Friday, September 19, 2014


Sparky is seen to connect hundreds of galaxies together like beads on strings in this ESO video. Sparky is only 6,000 light years across, but has twice more stars than our milky way galaxy. The stars are densely packed under strong magnetic fields and orbit the core of Sparky, where stars form at a rapid rate ~300 per year.  Sparky is called an "early universe galaxy", because gravity theory today cannot explain how Sparky formed and produces stars, unless it was very old or happened a long time ago. Yet the scientists say there are many more to be found. Sparky news story version

A zoom in photo of Sparky (shown below) shows rapid star formation around the precursory galaxy core happens inside streaming spiral shaped filaments produced by supernovas in at least three layers of vortice rings.

Sparky zoom in photo by The

Sparky is the first discovery to have both a stellar structure and the gas dynamics of a galaxy core. It is a scaled down model of a tiny galaxy without a black hole, being composed of ~400 billion solar masses. It is also a scaled up model of a supernova remnant where stars form inside evaporating gaseous globules, that collectively align together around near the galaxy core where most new massive stars form at very fast rates. 


Before the discovery of Sparky, the largest known similar type stellar objects were Herbig-Haro objects, composed of two counterflow jets of streaming stars into a primordial core forming center, lasting just a few thousand years. Sparky is a far larger stellar like structure than Herbig-Haro objects.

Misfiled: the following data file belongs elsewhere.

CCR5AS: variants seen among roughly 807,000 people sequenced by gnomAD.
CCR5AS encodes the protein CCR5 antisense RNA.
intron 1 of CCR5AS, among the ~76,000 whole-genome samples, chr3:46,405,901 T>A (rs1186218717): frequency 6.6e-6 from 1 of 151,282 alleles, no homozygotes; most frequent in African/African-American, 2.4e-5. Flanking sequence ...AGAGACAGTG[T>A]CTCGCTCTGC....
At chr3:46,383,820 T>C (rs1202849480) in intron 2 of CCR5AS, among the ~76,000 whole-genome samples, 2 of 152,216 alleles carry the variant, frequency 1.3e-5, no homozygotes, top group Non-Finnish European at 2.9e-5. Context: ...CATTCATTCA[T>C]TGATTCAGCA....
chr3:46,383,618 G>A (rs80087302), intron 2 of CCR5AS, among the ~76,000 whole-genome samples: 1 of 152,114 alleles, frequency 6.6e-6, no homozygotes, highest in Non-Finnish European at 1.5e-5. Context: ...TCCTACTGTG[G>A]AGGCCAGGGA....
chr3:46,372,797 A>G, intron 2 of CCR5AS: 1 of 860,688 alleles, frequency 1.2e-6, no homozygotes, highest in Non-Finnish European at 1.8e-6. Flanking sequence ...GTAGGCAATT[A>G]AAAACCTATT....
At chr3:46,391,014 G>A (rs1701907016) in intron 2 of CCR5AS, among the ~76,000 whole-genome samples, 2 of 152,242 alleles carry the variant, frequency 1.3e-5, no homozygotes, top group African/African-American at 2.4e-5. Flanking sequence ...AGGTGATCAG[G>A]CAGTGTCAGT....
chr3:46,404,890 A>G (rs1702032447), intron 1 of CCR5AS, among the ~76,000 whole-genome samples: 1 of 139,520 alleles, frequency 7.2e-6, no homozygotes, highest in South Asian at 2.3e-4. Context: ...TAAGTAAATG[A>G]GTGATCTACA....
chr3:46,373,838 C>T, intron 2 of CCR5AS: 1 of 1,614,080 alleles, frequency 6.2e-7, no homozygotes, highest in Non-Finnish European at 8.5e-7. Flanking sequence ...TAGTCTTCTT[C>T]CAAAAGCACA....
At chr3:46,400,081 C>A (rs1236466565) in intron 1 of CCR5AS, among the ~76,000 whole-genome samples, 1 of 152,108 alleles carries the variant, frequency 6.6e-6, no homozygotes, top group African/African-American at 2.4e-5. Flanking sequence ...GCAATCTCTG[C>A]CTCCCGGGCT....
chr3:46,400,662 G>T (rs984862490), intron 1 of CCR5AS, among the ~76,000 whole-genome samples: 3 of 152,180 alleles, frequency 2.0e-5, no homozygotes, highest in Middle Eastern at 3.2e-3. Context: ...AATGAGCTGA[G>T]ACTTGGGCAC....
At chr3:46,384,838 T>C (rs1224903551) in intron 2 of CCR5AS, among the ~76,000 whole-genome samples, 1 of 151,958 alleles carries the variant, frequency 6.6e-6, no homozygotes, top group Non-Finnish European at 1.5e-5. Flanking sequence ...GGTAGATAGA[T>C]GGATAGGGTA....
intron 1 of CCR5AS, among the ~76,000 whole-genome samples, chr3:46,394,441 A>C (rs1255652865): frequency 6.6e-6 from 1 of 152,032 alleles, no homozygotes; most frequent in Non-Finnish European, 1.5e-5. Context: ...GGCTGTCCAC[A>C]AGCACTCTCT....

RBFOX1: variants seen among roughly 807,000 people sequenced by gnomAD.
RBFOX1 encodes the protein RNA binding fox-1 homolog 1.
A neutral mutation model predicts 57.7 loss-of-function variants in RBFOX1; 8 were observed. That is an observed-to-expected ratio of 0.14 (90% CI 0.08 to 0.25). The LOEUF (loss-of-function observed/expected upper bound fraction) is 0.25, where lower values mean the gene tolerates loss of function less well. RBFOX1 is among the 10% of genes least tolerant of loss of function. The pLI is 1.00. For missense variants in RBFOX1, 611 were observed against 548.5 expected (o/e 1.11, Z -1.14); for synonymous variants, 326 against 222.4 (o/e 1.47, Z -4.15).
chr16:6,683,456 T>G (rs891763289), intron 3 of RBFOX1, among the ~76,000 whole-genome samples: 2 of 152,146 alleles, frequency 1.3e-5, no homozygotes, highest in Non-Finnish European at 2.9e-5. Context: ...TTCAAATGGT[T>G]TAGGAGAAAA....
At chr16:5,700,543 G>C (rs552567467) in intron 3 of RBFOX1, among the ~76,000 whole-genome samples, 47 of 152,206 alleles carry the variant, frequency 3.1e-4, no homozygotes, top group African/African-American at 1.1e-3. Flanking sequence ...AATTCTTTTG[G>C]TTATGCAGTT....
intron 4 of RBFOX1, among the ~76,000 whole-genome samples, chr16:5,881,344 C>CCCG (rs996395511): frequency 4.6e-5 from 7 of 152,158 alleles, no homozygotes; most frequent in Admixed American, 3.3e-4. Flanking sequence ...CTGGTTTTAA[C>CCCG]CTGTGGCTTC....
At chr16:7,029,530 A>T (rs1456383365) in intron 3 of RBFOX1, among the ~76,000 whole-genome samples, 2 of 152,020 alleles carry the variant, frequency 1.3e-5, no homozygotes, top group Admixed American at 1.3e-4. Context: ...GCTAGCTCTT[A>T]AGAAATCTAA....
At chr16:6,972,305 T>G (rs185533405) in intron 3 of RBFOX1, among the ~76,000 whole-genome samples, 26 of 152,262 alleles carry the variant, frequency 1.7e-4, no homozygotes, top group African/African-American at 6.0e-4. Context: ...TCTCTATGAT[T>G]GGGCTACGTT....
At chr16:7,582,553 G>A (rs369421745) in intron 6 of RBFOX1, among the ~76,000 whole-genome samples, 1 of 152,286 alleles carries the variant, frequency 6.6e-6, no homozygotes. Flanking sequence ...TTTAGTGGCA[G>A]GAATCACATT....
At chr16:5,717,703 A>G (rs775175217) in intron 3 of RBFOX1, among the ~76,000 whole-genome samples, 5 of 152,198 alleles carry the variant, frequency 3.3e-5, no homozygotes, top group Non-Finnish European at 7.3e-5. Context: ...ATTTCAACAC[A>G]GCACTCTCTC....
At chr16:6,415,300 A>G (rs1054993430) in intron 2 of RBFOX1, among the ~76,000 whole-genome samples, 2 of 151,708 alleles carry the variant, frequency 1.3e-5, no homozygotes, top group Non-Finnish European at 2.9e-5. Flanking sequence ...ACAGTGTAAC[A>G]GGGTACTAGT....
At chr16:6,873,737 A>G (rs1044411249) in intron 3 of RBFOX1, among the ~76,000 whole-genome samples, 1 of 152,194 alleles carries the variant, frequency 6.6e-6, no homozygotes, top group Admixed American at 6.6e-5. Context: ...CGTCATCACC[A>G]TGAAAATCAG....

Twin Jets

Sparky has an extremely low alpha lyman hydrogen redshift of only z=2.3 for what they describe as an early universe galaxy 11 billion light years away. The scientists believe there are hundreds to thousands more of similiar type "Sparky's" obscured by gas and dust that they haven't yet detected.

Redshifts are used to interpret cosmic distances, but only measure the single brightest emission of hydrogen atoms called alpha lyman hydrogen. In no way does this method produce accurate distance measurements, to be used exclusively to support the big-bang cosmology. Halton Arp is the real authority on these discordant redshift interpretations.

This animated sequence shows the sequence of events how Sparky formed by the collective interactive merging of supernova filamentary remnants or evaporating gaseous globules that are filled with streams of stars inside electrical charged plasma filaments on magnetized plasma bubbles within bubbles filling the universe:

This new superfluid cosmology is further explained in the paper Streaming Stars in Electrical Filaments

Sparky formed by many supernovas that produce star forming filaments called evaporating gaseous globules that streams stars on the bubbles around supernova remnants proven to align around the milky way galaxy.
 Supernova remnant
 Evaporating gaseous globule seen around a supernova remnant.

Supernova bubbles
This collective phenomena produced by supernova remnants scales cosmic plasma to sizes from supernovas, to galaxies, up to galaxy clusters. Galactic magnetic fields align supernova remnants around the milky way in a thin plane. It is misinterpreted by big-bang believing cosmologists to be a supernova gravitational lens surrounding densely packed galaxy clusters.
 This photo of Abel 370 galaxy cluster is already acceptably known to not be a gravitational lens, but instead a foreground evaporating gaseous globule filament that streams new stars.

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